The Oblique Angles of Singer-Songwriter Mark Lesseraux

mark lesseraux

I first encountered Mark Lesseraux when a mutual friend put us on the same bill at a gig in Huntington, NY a few years back. Mark’s witty, insightful and sometimes wonderfully absurd lyrics impressed me nearly as much as his rich, agile tenor did. Since then, I’ve seen Mark perform a few times and whether solo or with his band, The Citizens, his live shows always entertain. Often they are nothing short of transformative. He doesn’t shy away from weighty subjects but always approaches them from interesting and unpredictable angles. Ladies and gentlemen, I give you the inimitable Mark Lesseraux.

Q: Who or what first inspired you and still inspires you?

A: My mother tells a story of when I was three and I ran around with a pink guitar and I’d say, “I’m Pete Seeger and I’m 21 years old.” I also remember the Hair soundtrack. I used to put food on the vinyl record. In the process of enjoying watching how different pieces of food looked going around the platter, I fell in love with the music. Stevie Wonder’s “Superstition.” I used to imitate him and people would say, “You sound just like him.” I have tapes of it and I don’t think I sounded much like him, but I think that’s where I got the bug to sing. The Beatles’ Revolver and Abbey Road. And then, of course, Long Island. Billy Joel. Everybody loved Billy Joel.

Related: “First Concert Memories: Billy Joel”

Q: You can’t officially be a Long Islander, I think, until you get the Billy Joel stamp.

A: Yeah, it’s a rite of passage. Or at least Genesis. (Both laugh.) But to answer the second part, all those I mentioned are still present for me. I still love art rock, ya know, Genesis and Peter Gabriel. And Hair. There’s a certain show tunes quality to the stuff I do.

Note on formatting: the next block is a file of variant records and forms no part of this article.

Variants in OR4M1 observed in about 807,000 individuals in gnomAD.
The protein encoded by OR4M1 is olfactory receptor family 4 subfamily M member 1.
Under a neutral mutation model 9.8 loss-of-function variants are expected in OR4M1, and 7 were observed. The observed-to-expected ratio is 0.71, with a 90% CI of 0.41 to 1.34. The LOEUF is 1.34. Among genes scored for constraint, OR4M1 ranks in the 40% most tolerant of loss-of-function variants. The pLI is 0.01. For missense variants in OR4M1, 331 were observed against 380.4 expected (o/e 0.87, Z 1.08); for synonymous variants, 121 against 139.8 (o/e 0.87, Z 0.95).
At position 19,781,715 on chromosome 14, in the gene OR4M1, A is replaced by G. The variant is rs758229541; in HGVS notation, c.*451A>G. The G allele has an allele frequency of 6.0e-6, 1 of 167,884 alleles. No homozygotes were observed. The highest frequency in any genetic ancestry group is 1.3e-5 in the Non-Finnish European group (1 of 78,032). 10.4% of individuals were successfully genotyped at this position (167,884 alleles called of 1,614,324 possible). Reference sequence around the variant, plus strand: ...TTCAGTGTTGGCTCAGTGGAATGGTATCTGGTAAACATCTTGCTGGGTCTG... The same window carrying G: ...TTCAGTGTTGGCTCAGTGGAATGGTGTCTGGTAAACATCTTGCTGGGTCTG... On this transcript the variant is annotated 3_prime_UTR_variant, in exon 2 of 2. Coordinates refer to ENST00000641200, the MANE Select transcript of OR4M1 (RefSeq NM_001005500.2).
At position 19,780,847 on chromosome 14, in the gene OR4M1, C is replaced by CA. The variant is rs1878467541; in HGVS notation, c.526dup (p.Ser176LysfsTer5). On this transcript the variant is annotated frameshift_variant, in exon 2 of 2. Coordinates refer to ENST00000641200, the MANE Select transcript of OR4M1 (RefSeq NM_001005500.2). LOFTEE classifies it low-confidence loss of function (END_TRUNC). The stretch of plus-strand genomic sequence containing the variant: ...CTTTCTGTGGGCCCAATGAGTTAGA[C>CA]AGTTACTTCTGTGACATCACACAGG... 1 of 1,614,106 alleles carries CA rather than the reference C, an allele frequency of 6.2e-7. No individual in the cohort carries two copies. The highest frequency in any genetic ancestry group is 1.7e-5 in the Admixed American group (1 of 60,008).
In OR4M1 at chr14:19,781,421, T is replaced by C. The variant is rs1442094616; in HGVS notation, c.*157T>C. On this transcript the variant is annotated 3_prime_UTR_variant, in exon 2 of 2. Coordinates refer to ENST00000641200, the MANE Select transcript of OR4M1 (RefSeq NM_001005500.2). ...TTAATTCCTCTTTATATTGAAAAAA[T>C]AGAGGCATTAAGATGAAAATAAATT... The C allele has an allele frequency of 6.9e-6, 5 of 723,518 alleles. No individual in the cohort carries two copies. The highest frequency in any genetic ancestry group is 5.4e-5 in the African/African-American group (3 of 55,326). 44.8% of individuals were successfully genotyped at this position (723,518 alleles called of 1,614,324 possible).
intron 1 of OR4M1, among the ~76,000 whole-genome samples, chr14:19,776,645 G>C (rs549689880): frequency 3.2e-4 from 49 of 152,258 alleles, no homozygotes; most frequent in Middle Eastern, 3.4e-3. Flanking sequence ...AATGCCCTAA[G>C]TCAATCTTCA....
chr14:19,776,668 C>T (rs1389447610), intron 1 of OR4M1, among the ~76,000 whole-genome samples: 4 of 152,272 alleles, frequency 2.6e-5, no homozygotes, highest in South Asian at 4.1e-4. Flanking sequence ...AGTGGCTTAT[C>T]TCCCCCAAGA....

Q: Your songwriting reflects an interest in philosophy and spirituality, too. How do they enter into your creative process?

A: Brian Eno would be one of my gurus. I actually have an All-Sage baseball team and Brian Eno is the only musician that made the team. He helped me look at things from different angles: from over here it’s dark, but from over here it’s even more interesting and from this side look—it’s funny! But the music I make has as much slapstick comedy in it as it does philosophy, you know?

Q: I do. “Everyone Here is Going to Die” takes on a big subject, but there’s a sense of humor about it.

A: “Everyone Here Is Going to Die” came pretty quick and I knew right away that it was going to be my “Imagine.” I knew it would be my signature song. I’d written a lot of songs about death; that’s one of my favorite subjects. But this was the first one that was both a good song and combined comedy about something that’s also a serious subject.

Q: And “Guisseppe Desa’s Blues” sounds like a Robert Johnson song, but it’s about a Christian mystic saint … right?